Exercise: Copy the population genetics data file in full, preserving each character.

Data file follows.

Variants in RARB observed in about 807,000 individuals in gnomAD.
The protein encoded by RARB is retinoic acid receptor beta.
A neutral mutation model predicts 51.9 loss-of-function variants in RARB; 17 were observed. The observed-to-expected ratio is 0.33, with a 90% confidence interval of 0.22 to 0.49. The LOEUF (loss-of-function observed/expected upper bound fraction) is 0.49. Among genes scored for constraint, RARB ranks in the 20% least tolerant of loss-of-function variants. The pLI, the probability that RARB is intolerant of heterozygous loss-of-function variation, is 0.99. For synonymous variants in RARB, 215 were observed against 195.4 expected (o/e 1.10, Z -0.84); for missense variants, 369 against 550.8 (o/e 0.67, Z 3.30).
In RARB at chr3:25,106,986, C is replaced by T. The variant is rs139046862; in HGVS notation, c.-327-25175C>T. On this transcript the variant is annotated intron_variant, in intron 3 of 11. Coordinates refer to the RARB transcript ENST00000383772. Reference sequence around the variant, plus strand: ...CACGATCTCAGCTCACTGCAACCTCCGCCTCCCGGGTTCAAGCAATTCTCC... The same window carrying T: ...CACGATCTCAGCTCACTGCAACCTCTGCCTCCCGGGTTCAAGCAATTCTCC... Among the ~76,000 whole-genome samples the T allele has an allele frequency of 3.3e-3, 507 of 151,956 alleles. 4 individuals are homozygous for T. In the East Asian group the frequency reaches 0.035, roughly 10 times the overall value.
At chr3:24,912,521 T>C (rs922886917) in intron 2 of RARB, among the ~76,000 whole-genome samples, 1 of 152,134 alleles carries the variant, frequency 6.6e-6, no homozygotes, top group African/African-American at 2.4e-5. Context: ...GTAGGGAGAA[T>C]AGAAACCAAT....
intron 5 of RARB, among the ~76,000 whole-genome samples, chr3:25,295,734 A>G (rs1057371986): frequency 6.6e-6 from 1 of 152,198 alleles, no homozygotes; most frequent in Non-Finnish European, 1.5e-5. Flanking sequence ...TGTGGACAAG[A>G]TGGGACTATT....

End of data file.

Variants in RARB observed in about 807,000 individuals in gnomAD.
The protein encoded by RARB is retinoic acid receptor beta.
A neutral mutation model predicts 51.9 loss-of-function variants in RARB; 17 were observed. The observed-to-expected ratio is 0.33, with a 90% confidence interval of 0.22 to 0.49. The LOEUF (loss-of-function observed/expected upper bound fraction) is 0.49. Among genes scored for constraint, RARB ranks in the 20% least tolerant of loss-of-function variants. The pLI, the probability that RARB is intolerant of heterozygous loss-of-function variation, is 0.99. For synonymous variants in RARB, 215 were observed against 195.4 expected (o/e 1.10, Z -0.84); for missense variants, 369 against 550.8 (o/e 0.67, Z 3.30).
In RARB at chr3:25,106,986, C is replaced by T. The variant is rs139046862; in HGVS notation, c.-327-25175C>T. On this transcript the variant is annotated intron_variant, in intron 3 of 11. Coordinates refer to the RARB transcript ENST00000383772. Reference sequence around the variant, plus strand: ...CACGATCTCAGCTCACTGCAACCTCCGCCTCCCGGGTTCAAGCAATTCTCC... The same window carrying T: ...CACGATCTCAGCTCACTGCAACCTCTGCCTCCCGGGTTCAAGCAATTCTCC... Among the ~76,000 whole-genome samples the T allele has an allele frequency of 3.3e-3, 507 of 151,956 alleles. 4 individuals are homozygous for T. In the East Asian group the frequency reaches 0.035, roughly 10 times the overall value.
At chr3:24,912,521 T>C (rs922886917) in intron 2 of RARB, among the ~76,000 whole-genome samples, 1 of 152,134 alleles carries the variant, frequency 6.6e-6, no homozygotes, top group African/African-American at 2.4e-5. Context: ...GTAGGGAGAA[T>C]AGAAACCAAT....
intron 5 of RARB, among the ~76,000 whole-genome samples, chr3:25,295,734 A>G (rs1057371986): frequency 6.6e-6 from 1 of 152,198 alleles, no homozygotes; most frequent in Non-Finnish European, 1.5e-5. Flanking sequence ...TGTGGACAAG[A>G]TGGGACTATT....